Code Unknown: Sanity Clause
Otis B. Driftwood (Groucho): It's all right. That's, that's in every contract. That's, that's what they call a sanity clause.
Fiorello (Chico): Ha-ha-ha-ha-ha! You can't fool me. There ain't no Sanity Clause!
—George S. Kaufman et alia, A Night at the Opera
That pencil note from Ezra Pound from St. Elizabeth’s I’d seen at Yale’s Beinecke Library in 1969, the full text provided last year by Nancy Kuhl, curator of the Collection of American Literature:
Young doctors absolutely
15 minutes sane
maximum velocity after
[Nancy comments, “The note....is actually a letter from Ezra Pound to Julien Cornell; for future reference, it is located in the Julien Cornell Papers Relating to Ezra Pound (YCAL MSS 176), Box 2, folder 46 .... Cornell was Pound’s lawyer—I think their relationship is well described in Serious Character if memory serves.”]
Hannah Arendt to Mary McCarthy after much criticism of her Eichmann in Jerusalem: “You were the only reader to understand what I never have admitted—that I wrote this book in a curious state of euphoria.”
From Adams Phillips, The Beast in the Nursery:
Epigraph: What moves me is the irregular form––the flawed words and stubborn sound…that affect us whenever we try and say something that is important to us.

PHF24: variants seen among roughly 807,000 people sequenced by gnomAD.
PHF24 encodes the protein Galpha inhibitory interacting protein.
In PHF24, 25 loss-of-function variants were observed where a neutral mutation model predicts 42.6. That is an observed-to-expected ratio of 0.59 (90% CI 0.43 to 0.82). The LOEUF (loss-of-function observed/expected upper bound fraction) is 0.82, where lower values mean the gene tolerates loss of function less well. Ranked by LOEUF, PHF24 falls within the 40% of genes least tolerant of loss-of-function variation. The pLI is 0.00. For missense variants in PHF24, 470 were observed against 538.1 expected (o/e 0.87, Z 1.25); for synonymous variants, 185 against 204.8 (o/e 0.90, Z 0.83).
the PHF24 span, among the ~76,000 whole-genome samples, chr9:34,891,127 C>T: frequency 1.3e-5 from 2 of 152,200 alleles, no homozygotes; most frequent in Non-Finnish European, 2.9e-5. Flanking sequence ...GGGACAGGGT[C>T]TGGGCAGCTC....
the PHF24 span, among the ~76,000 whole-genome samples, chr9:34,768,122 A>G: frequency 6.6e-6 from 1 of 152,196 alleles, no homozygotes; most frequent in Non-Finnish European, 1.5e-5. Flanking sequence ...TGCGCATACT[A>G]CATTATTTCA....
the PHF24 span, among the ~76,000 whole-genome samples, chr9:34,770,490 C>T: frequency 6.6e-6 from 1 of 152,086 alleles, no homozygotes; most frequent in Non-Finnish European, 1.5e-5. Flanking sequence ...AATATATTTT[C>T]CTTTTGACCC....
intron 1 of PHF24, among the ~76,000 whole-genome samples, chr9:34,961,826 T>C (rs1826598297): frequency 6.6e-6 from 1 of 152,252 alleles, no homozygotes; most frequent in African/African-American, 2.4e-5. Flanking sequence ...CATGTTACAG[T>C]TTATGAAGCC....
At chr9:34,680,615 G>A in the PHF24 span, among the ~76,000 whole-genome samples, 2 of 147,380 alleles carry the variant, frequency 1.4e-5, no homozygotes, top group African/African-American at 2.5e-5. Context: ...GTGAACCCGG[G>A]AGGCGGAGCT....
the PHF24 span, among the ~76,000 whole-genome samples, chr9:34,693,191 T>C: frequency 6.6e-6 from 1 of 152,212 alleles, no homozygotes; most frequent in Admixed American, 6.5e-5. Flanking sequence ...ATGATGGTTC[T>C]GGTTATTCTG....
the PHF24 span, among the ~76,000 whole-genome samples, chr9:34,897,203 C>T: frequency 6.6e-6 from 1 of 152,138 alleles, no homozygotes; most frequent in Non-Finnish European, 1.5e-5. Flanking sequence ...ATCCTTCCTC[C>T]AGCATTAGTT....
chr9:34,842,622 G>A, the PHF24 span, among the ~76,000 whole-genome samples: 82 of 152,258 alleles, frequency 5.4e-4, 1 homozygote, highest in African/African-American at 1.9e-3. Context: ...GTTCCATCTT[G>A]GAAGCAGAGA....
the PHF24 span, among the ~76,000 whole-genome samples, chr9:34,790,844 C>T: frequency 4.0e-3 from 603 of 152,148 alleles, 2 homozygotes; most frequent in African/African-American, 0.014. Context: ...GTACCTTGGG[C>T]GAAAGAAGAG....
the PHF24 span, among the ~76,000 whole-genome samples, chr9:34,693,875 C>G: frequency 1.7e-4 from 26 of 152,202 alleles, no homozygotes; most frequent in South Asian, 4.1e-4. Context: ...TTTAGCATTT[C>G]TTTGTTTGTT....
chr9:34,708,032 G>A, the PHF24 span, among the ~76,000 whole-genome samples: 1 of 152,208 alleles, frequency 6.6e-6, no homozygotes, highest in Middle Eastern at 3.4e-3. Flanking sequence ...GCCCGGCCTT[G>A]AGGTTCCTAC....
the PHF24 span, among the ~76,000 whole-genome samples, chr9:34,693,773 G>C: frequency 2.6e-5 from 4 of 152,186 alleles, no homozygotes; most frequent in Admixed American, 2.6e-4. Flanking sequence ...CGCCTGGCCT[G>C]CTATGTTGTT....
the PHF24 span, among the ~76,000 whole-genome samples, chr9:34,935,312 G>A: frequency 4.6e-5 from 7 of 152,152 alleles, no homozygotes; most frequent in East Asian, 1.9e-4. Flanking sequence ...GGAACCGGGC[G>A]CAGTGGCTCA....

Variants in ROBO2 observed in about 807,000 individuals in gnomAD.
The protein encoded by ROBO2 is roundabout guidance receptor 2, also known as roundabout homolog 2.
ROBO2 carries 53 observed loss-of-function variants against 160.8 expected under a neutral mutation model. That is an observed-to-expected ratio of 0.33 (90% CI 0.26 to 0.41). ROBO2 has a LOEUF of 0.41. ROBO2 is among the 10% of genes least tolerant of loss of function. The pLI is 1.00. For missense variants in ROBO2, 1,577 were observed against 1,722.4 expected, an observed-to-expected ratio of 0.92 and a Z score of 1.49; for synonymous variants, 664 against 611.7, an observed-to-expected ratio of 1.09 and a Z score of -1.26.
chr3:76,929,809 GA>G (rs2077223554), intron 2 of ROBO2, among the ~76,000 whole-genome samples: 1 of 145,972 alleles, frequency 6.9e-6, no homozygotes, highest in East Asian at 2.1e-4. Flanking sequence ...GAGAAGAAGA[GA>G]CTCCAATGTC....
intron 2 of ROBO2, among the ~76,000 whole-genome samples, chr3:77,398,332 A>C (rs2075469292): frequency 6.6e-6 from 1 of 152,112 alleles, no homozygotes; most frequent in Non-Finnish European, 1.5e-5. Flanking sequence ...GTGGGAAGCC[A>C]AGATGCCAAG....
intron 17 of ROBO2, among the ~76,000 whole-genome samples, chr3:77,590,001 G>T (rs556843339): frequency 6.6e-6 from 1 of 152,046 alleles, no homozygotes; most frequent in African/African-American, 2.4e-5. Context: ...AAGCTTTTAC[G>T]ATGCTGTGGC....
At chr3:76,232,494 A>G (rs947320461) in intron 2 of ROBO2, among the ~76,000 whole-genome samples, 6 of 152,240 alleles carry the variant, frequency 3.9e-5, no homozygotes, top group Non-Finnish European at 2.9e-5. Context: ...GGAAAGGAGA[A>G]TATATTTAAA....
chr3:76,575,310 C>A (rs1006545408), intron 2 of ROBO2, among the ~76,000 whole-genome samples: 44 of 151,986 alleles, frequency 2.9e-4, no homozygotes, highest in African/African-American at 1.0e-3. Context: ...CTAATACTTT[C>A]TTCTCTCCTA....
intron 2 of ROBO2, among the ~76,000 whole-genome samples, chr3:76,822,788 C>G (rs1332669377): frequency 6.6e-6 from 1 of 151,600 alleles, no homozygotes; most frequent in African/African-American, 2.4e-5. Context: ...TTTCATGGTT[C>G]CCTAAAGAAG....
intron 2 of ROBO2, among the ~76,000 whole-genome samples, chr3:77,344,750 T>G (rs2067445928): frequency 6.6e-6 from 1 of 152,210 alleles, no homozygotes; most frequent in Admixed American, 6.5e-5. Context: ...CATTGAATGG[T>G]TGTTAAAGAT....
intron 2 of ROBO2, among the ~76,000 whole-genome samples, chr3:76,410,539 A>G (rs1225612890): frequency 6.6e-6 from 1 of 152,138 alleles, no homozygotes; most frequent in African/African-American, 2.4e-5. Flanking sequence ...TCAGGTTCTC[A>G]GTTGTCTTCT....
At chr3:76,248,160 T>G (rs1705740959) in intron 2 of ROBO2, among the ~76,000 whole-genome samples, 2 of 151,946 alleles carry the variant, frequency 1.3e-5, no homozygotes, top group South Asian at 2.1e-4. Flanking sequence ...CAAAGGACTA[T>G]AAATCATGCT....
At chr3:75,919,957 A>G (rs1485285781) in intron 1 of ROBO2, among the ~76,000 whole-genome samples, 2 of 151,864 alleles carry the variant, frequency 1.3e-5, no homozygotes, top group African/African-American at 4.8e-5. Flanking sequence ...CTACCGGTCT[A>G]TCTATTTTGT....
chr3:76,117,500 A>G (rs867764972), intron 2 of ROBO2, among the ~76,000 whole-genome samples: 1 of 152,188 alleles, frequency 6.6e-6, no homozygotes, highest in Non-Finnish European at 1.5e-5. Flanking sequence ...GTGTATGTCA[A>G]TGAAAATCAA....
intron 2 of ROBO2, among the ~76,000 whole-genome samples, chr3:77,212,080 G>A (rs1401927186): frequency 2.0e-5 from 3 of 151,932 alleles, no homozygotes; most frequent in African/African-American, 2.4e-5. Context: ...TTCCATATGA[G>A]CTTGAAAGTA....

—John Ashbery, Interview
“Being realistic is a better guarantee of pleasure; it is an injunction to want sensibly.”
Northrop Frye re Blake: “If the fool would persist in his folly he will become wise. Such wisdom is based on the fact that imagination creates reality, and as desire is a part of imagination, the world we desire is more real than the world we passively accept.”
“Children want to know about sexuality but the grown-ups tell them they need to know about something else; and they need to know about something else—call it culture–to distract them from what they are really interested in. Education, Freud implies, teaches the child to lose interest in what matters most to her or to compromise that interest.”
“If to speak is to speak of what one wants, then to speak is always to run the risk of humiliation.”
“To humiliate someone is to make oneself unforgettable.”
“The fate of interest…. to sustain one’s appetite for life.”
“There is the uneasy marriage of word and desire, and there the ways in which words fail us that can only be described in words.”
“There is no longer any such thing as everyday life,” quotes the art history professor who goes on to show a series of photographs of people in New York streets as exemplifying those so deprived. Such a rude, presumptive syllogism. The people photographed are people walking in the city, in no discernible mood. Imagine the theorist several floors up in the Ecole des hautes études who came up with this notion—you want to collar him and rub his face in it. Like William Carlos Williams in the Rutherford hospital corridor admiring a newborn: “You mean to tell me that’s full of Original Sin???”
Born in New York in 1939, Bill Berkson was a poet, critic, teacher and sometime curator, who became active in the art and literary worlds in his early twenties. He was professor emeritus at the San Francisco Art Institute, where, between 1984 and 2008, he taught art history, art writing...